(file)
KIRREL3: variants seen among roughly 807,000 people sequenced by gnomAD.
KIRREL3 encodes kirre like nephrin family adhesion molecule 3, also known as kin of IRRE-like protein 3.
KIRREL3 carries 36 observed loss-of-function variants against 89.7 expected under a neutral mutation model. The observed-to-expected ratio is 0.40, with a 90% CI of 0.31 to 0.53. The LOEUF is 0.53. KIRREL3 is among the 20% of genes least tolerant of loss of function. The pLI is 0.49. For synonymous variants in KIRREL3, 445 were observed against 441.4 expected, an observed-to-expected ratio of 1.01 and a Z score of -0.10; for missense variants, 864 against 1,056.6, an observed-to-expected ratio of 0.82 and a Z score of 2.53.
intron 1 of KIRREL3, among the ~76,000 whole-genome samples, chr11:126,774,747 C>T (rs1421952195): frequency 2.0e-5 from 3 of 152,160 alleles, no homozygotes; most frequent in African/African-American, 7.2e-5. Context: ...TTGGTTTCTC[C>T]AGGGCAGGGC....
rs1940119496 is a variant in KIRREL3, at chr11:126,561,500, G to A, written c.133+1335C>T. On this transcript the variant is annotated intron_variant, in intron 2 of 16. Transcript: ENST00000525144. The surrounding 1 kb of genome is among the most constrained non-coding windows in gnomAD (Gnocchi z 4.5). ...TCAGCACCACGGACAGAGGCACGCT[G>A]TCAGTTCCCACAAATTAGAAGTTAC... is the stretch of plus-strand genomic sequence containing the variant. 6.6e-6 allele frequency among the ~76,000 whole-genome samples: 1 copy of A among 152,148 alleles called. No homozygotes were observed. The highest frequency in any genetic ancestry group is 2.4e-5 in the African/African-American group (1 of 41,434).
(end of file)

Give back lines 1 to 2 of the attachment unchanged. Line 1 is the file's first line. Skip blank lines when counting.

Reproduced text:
KIRREL3: variants seen among roughly 807,000 people sequenced by gnomAD.
KIRREL3 encodes kirre like nephrin family adhesion molecule 3, also known as kin of IRRE-like protein 3.